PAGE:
We’ve used it several times so far and absolutely love the freedom of not having to pull in the slides and hitch up Liberty just to take her to empty her guts, This solution allows us longer boondocking periods with less stress of trying to find a dump station that we could fit in or go out of our way in finding. 

We wrote other blogs that pertain to boondocking that you may enjoy reading:

Aqua Tank II Water Bladder – Product Review

WEN 56200i 2000 Watt Generator – Product Review

10 Solar Friendly Tech Gadgets for Boondocking

Water Conservation During Boondocking

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Disclaimer: We at Always On Liberty will not be held liable for bodily injury or damage to any property due to misuse; accidental, purposeful or otherwise. This product is what works for ‘us’. We recommend reading all instructional information by the manufacturer for proper and safe use. We were not compensated by Rack JACK for this publication.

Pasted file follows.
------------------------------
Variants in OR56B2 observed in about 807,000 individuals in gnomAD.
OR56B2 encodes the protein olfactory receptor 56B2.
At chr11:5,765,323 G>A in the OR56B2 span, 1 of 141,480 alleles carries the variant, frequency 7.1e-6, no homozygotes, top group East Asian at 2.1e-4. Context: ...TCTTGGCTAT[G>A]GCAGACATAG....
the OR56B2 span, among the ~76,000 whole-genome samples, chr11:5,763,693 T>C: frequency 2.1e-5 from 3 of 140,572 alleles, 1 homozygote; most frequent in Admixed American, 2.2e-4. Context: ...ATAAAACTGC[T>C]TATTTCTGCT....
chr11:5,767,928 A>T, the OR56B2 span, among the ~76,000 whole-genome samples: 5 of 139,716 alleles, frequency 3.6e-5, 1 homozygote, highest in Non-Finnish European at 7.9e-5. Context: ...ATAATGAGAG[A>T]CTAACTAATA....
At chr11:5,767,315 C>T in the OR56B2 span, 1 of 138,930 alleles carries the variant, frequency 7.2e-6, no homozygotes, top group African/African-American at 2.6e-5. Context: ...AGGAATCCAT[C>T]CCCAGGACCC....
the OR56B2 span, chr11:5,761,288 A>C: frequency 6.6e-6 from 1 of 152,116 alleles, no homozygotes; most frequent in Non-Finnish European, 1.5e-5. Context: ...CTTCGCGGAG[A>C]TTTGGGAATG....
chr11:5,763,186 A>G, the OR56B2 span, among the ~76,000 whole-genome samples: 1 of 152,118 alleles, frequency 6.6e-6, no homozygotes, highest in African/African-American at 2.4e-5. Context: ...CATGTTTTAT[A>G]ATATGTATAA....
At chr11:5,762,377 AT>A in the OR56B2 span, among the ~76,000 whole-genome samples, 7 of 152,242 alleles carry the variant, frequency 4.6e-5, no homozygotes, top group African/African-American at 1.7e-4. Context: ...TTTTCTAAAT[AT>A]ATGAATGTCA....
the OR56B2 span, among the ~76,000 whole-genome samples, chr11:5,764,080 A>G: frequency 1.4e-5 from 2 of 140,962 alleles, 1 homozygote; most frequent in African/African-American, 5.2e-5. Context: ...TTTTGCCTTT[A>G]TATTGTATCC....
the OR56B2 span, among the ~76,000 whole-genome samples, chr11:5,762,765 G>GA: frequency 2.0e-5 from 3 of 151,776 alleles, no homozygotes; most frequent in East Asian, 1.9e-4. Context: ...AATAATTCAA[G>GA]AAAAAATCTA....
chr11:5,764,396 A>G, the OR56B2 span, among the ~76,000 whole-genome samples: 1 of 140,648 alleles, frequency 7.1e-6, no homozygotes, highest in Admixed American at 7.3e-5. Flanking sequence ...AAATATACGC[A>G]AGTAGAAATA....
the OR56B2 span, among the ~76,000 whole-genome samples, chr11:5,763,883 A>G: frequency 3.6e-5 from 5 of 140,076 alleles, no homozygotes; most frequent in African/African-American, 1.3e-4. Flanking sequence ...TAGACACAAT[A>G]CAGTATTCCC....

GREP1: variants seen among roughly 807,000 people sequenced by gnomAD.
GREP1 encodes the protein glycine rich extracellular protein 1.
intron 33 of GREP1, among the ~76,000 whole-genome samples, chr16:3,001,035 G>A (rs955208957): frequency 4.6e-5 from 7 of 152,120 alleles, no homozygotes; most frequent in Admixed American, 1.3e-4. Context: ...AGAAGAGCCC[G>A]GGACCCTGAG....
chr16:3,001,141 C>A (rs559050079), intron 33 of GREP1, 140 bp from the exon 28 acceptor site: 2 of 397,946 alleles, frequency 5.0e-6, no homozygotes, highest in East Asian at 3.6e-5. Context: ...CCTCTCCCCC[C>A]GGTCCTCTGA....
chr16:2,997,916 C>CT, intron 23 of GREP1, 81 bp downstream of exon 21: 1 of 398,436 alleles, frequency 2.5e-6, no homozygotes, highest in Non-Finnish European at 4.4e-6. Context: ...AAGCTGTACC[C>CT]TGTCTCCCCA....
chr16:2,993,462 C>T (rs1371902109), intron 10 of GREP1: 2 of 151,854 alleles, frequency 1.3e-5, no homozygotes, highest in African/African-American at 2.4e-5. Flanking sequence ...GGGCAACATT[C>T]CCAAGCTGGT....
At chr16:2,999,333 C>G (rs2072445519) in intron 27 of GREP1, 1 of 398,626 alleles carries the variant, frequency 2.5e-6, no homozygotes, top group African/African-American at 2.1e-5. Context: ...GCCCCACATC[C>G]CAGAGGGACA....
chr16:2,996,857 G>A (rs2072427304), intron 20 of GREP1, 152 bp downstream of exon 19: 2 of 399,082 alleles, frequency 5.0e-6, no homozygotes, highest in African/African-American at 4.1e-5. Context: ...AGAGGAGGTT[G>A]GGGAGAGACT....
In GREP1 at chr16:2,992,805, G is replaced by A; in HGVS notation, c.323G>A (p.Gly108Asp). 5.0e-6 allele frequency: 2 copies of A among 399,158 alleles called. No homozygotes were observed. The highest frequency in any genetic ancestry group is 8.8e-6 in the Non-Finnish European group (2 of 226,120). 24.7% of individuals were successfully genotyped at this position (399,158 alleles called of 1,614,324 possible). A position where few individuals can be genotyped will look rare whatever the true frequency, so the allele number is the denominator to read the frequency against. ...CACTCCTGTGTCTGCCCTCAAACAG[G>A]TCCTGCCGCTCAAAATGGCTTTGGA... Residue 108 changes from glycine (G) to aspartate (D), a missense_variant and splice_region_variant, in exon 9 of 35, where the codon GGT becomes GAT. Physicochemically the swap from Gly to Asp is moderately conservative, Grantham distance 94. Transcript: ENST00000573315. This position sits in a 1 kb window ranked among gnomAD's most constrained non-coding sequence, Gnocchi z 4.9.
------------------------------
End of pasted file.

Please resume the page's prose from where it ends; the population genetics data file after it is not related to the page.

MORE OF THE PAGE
2/27/18 EDIT:

We came in to edit this post with this note because we received a lot of negative responses of why we didn’t seek other measures or solutions ‘instead’ of this one (i.e. macerator, composting toilet). We do what works for US. While yes, we ‘could’ go with other options, those are/were not viable solutions for US for the time being. If something works for you and your situation, we’re happy you’ve found your solution. We all do things a little differently and unless they are deemed unsafe to others or ourselves, we should all be left to our own decisions respectfully. Thank you.

 

A portion of this blog has been submitted to Heartland RV’s.